Helion, £29.95, hb,
212 pp, ills. throughout – some in colour.
This review first appeared in the journal of The Western Front Association Stand To! No.112 June 2018
This is an excellent book. Andrew Bamji is a specialist in the field of rheumatology and rehabilitation, consultant archivist (for nearly 40 years) at Queen Mary’s Hospital, Sidcup. He was instrumental in creating the archive he has so expertly mined for his book on the development of facial reconstruction during the Great War and the rehabilitation of patients following their treatment. It is also an examination of the human spirit.
As the author records, the Great War was ‘... the first in which casualties from trauma were more numerous than those from disease.’
Plastic surgery was not new in 1914: Hindu scriptures describe nasal reconstruction over 2,000 years ago and Renaissance surgeons wrote about skin grafting. What was new was better understanding of the need for sterile conditions and the ability to anaesthetise patients without a mask which, in facial reconstruction, would cover the very area to be worked on.
Bullets, shrapnel and shell fragments produced appalling wounds
Advances in medical knowledge could ensure the survival of the men wounded by these projectiles the result was often a loss of eyes, ears, jaws and sometimes entire faces. Facial reconstruction drove the work of Harold Gillies. The 32 year–old New Zealander, was both an expert sportsman and a specialist in ear, nose and throat surgery. In 1915 he went to France to assist a pioneering French dentist, Charles Auguste Valadier, then practising at Wimereux, who was unable to operate unless supervised by a surgeon. This work drove Gillies to approach the head of army surgery in the UK to create a facility in Britain which led to the first unit at the Cambridge Hospital, Aldershot.
As well as creating a surgical team, Gillies also saw his work as a training aid for others. To this end Henry Tonks, a surgeon, who had also taught art at the Slade, produced meticulous and detailed pastels to record the treatments, many of which are reproduced here in colour.
Overwhelmed by the Somme where flying flint shards exacerbated the injuries sustained, the hospital moved to Frognal House, Sidcup; it was funded through voluntary donations. gave not only money, but also her name – a valuable fund–raising assets. Gillies and his team also used the media to find employers for those discharged following treatment and provided instruction in agriculture, carpentry and other trades.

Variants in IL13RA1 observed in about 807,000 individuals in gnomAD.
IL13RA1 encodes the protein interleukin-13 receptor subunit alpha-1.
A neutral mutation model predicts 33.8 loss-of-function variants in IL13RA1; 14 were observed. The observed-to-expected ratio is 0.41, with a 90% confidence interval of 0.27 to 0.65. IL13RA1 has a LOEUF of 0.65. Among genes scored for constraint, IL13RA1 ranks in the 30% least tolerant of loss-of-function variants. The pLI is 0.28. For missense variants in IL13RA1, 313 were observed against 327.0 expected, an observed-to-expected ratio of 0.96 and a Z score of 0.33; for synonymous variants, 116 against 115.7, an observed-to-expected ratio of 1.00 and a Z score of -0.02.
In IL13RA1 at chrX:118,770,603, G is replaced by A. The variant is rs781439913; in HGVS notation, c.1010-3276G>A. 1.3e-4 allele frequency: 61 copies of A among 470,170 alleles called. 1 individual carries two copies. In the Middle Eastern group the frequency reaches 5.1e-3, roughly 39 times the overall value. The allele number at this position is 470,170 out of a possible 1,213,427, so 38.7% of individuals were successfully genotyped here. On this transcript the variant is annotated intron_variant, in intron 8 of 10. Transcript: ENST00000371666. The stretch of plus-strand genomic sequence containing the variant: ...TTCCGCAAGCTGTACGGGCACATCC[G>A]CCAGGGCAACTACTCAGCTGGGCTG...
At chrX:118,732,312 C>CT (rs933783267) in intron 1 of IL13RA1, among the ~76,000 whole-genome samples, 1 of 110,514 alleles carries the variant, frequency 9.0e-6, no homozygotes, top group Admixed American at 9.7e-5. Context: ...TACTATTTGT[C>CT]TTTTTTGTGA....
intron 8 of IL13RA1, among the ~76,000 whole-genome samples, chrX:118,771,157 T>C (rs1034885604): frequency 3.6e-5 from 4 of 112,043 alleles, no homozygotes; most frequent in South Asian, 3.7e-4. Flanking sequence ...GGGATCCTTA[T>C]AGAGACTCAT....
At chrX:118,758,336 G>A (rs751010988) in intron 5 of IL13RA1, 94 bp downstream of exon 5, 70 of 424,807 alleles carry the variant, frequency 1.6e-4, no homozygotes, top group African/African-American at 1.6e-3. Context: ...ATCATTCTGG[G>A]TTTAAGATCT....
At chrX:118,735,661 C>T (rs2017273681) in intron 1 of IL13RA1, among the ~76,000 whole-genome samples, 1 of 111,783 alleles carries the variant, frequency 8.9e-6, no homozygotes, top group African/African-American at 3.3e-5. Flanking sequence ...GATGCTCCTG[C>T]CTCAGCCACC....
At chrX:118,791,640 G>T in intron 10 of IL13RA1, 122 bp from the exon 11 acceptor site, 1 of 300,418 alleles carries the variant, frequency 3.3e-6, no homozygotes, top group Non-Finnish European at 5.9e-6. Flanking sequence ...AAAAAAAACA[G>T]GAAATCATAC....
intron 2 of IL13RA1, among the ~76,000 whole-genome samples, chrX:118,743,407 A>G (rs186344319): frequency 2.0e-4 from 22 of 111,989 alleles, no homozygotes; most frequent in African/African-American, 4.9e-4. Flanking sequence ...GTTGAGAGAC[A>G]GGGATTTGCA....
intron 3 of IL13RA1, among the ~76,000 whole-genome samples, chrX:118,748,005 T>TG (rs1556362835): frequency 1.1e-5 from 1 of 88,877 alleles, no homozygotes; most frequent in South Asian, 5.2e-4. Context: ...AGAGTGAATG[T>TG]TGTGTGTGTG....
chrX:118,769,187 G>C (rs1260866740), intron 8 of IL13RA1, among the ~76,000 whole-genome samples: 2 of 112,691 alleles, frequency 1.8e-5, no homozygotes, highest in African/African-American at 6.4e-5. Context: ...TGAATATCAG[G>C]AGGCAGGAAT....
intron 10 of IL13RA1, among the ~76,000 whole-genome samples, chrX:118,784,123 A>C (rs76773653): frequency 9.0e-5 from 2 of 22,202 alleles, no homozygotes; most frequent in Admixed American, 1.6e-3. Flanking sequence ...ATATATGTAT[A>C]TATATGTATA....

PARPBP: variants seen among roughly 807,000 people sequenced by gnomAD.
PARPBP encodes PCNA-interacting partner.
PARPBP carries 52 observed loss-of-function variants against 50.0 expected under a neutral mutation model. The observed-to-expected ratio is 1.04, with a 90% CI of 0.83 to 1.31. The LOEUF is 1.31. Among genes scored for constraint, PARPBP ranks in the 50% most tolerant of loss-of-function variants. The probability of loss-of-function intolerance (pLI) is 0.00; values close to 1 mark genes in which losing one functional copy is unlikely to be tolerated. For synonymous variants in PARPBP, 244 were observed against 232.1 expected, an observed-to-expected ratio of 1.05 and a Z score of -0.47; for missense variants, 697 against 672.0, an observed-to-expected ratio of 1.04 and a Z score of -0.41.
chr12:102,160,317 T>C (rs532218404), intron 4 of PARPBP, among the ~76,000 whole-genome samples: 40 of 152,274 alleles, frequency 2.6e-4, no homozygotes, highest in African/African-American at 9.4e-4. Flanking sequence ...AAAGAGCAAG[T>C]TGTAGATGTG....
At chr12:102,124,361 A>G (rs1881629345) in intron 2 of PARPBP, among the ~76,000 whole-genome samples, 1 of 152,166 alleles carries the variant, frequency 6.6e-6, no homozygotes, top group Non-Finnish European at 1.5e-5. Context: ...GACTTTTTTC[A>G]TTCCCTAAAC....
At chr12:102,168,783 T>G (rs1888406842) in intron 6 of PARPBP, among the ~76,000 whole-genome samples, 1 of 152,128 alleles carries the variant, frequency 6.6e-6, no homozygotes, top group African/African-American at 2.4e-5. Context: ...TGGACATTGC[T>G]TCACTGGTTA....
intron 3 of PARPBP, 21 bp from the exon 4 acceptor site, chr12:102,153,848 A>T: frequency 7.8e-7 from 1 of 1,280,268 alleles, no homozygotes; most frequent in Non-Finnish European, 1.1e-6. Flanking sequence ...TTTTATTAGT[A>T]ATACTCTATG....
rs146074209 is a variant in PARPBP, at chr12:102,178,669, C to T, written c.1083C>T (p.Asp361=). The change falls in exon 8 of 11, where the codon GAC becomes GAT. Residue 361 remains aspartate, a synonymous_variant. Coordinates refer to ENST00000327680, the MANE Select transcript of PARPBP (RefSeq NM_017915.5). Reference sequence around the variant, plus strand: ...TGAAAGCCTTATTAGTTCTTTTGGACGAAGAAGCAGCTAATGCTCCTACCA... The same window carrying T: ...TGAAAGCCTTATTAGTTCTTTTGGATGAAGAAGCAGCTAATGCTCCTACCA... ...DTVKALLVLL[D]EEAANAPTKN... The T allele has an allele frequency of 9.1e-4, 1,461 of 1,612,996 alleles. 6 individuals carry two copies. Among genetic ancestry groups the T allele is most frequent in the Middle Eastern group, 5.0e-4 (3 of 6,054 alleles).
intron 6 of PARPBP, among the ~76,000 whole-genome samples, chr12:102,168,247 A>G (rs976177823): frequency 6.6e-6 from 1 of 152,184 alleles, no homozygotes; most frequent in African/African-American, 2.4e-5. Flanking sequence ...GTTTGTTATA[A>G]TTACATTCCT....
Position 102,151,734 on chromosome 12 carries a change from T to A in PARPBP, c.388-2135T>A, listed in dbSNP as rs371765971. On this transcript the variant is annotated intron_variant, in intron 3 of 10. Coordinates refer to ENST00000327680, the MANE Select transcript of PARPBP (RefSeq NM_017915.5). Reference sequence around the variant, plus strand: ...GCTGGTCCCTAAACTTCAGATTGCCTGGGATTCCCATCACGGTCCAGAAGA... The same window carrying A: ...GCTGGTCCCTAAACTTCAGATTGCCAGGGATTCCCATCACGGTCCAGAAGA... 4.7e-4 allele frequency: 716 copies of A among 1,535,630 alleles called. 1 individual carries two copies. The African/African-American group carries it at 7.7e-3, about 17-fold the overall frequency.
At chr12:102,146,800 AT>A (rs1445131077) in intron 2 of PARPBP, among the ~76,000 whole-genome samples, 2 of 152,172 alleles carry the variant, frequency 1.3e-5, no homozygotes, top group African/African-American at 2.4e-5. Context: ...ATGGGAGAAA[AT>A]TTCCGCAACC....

The stories of those men drive this book: their wounds, their treatment and rehabilitation; the frequently ground–breaking procedures they underwent and the appalling suffering they endured. Yet, above all it was the indomitable human spirit which saw them through.
This book is not an easy read.
Many of the illustrations are challenging, even 100 years on. The outlines of the surgical procedures, some by necessity almost experimental, can be difficult. Although he does not shy away from the subject matter, the author makes the book readable.
At no time did this reviewer feel lost in medical terminology.
‘Historians ... speak of heroic sacrifice ... few of them give thought to those whose lives were not ended by the conflict, but were changed forever.'
This book talks of those who were left to grow old, and whom age did weary, and it is dedicated to their memory’, claims the author.
This fascinating and important book deserves a wide audience.
Review by Steven Bloomfield
Dr Andrew Bamji is an expert on medicine and surgery of the First World War, having developed an interest as the hospital’s archivist, when he discovered and recovered the wartime case files of 2,500 facial injury patients treated at Sidcup.
He was a Consultant Rheumatologist at Queen Mary’s Hospital, Sidcup, Kent and Director of the Elmstead Rehabilitation Unit there. From 2006-8 he was President of the British Society for Rheumatology, having undertaken various committee roles for the Society, and during that period was also a member of Council of the Royal College of Physicians.
Faces from the Front won first prize in the “Basis of Medicine” category of the BMA Book Awards 2018.
Dr Bamji writes an occasional blog The Wry Observer